In this week’s Parasha, it is stated,”Ve’Ha’Avanim Tiheyena Al Shemot Bnei Yisrael Shteim Esreih Al Shemotam Pituchei Chotam Ish Al Shemo Tiheyena LiShnei Asar Shavet,” “The stones shall correspond [in number] to the names of the sons of Israel: twelve, corresponding to their names. They shall be engraved like seals, each with its name, for the twelve tribes” (Shemot 28:21). The Gemara in Yoma (73b) says that in addition to the names of the Shevatim, the Choshen also had the names of the Avot– Avraham, Yitzchak, and Yaakov–and the words “Shivtei Yeshurun.” The Maharsha, commenting on this Gemara, quotes the Yerushalmi which says that the words were actually “Shivtei Yisrael.” Why is there a change in Girsa between the Yerushalmi and the Bavli? The Maharsha answers that the Yerushalmi thought that “Shivtei Yisrael” was Yaakov’s name repeated in another form, while the Bavli believed that the name of Hashem, in the form of “Yeshurun,” was to be written on the Choshen. The Maharsha explains that Rashi on Chumash teaches that Yeshurun is a name of Hashem. The Noda BeYehuda (Rav Yechezkel Landau from Prague) asks: where does Rashi on Chumash state that Yeshurun is a name of Hashem?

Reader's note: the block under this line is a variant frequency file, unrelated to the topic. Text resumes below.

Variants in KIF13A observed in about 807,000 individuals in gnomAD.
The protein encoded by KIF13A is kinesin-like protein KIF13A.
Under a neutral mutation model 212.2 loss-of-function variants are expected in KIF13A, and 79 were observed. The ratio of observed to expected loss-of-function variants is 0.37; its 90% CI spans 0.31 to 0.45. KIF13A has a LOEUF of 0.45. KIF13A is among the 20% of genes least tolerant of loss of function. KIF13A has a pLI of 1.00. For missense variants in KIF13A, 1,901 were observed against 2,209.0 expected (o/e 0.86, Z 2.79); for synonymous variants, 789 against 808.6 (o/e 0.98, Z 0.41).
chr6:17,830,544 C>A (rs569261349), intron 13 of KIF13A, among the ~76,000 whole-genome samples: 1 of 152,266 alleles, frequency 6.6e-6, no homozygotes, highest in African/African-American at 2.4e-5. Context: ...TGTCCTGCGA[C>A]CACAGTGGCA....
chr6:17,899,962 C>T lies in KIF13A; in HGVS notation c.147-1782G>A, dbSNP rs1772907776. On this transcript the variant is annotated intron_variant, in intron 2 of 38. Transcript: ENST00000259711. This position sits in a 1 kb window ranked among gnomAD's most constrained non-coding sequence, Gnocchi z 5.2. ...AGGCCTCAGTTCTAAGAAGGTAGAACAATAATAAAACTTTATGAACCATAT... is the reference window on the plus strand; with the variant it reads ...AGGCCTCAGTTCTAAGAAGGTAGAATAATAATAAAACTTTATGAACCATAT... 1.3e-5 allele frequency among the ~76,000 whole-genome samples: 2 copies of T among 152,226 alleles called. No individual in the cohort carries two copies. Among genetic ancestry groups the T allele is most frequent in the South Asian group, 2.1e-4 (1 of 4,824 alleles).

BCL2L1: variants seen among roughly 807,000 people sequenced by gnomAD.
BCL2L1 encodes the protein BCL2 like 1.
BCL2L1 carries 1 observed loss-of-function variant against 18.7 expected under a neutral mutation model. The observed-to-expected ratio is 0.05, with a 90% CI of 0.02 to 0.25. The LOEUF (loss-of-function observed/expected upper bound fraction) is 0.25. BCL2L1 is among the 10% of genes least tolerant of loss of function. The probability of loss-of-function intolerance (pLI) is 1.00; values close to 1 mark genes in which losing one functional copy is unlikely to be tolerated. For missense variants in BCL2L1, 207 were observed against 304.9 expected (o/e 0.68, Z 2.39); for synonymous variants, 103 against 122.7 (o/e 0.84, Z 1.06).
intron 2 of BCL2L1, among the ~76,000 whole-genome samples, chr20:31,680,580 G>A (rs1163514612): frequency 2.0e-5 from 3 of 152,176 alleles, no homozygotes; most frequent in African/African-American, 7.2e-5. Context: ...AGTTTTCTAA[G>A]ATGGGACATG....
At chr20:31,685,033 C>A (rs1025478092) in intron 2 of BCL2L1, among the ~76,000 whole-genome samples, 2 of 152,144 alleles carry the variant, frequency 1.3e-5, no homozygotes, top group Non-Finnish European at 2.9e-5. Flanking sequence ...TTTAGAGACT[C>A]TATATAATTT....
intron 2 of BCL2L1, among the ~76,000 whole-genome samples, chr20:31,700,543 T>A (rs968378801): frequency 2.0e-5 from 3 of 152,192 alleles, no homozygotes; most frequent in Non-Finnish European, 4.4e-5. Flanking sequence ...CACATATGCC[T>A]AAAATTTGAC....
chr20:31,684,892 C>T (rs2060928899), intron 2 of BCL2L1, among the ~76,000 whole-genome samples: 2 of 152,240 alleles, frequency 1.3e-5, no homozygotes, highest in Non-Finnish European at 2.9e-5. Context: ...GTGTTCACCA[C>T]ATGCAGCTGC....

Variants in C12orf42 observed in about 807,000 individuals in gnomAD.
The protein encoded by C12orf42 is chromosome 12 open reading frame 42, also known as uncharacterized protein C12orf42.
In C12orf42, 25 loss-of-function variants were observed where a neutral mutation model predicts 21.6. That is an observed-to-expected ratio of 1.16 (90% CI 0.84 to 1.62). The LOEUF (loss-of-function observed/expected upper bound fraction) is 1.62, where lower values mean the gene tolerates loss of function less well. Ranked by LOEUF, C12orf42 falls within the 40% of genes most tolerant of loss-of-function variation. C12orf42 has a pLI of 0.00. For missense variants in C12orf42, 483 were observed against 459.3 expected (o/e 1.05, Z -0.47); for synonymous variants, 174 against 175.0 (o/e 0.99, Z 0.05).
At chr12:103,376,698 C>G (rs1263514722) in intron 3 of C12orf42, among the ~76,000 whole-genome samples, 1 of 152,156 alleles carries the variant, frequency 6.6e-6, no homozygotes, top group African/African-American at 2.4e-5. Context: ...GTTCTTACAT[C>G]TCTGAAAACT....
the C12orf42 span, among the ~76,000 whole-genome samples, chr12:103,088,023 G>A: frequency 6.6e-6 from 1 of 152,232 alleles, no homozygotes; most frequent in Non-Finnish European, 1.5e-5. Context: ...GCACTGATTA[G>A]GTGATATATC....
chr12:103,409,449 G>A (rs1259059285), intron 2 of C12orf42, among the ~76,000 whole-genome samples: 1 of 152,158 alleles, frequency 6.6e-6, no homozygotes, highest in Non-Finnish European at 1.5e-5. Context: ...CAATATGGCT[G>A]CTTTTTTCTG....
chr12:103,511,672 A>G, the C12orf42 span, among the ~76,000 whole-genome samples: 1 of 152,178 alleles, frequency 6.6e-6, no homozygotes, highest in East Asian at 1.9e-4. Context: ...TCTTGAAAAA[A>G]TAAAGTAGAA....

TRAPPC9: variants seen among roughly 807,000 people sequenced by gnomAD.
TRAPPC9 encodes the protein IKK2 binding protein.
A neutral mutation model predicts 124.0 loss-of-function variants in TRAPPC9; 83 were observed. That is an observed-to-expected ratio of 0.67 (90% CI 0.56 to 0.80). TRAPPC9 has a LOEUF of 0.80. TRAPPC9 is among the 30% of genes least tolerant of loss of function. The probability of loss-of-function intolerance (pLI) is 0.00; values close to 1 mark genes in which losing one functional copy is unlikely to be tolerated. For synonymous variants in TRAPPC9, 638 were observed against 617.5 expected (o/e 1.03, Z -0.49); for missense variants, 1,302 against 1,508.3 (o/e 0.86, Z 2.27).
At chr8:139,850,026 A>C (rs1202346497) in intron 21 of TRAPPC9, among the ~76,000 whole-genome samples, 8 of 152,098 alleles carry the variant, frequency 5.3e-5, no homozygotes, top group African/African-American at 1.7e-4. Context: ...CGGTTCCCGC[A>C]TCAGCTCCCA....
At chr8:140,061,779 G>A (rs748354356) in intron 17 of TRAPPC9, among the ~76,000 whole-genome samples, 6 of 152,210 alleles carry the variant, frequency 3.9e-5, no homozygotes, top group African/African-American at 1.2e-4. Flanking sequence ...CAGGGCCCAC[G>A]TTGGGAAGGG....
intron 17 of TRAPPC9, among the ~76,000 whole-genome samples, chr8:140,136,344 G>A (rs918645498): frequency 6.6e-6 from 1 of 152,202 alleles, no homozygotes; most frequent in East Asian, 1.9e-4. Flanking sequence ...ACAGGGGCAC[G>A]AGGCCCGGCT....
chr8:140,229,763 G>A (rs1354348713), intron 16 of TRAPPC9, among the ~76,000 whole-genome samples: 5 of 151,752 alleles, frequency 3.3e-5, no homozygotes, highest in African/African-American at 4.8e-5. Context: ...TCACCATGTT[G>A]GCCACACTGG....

He answers as follows: in Parashat Vayishlach, after Yaakov and Esav peacefully parted ways, Yaakov Avinu built a Mizbe’ach. The Pasuk reads, Va’Yiven Sham Mizbe’ach Va’Yikra Lo Keil Elokei Yisrael (BeReishit 33:20). Rashi quotes the opinion found in Masechet Megillah (18b) that explains the clause “Va’Yikra Lo Keil” not as Yaakov naming the Mizbe’ach, but as Hashem calling Yaakov “Keil,” “God.” However, Yaakov is not referred to as “Keil” anywhere else in the Torah. Therefore, the Nodah B'Yehuda explains that when Yaakov is called “Keil,” it is symbolic of his strength. “Keil” denotes strength, as noted by Tosafot in Rosh HaShanah (17b) when explaining the 13 Middot HaRachamim. Similarly, the word “Yeshurun” denotes strength as it comes from the root S.R.R., which means “power.” Therefore, the Noda BeYehuda asserts that the Maharsha must have interpreted the Rashi on the words “Vayikra Lo Keil”, and asked: why would Hashem refer to Yaakov as “Keil?” To answer this question, he reasoned that Rashi was referring to “Yeshurun,” a name which the Torah calls Yaakov many times. This would explain why the Maharsha tried to resolve the discrepancy between the Bavli and Yerushalmi, by saying that the Bavli thought that Yeshurun was referring to Hashem!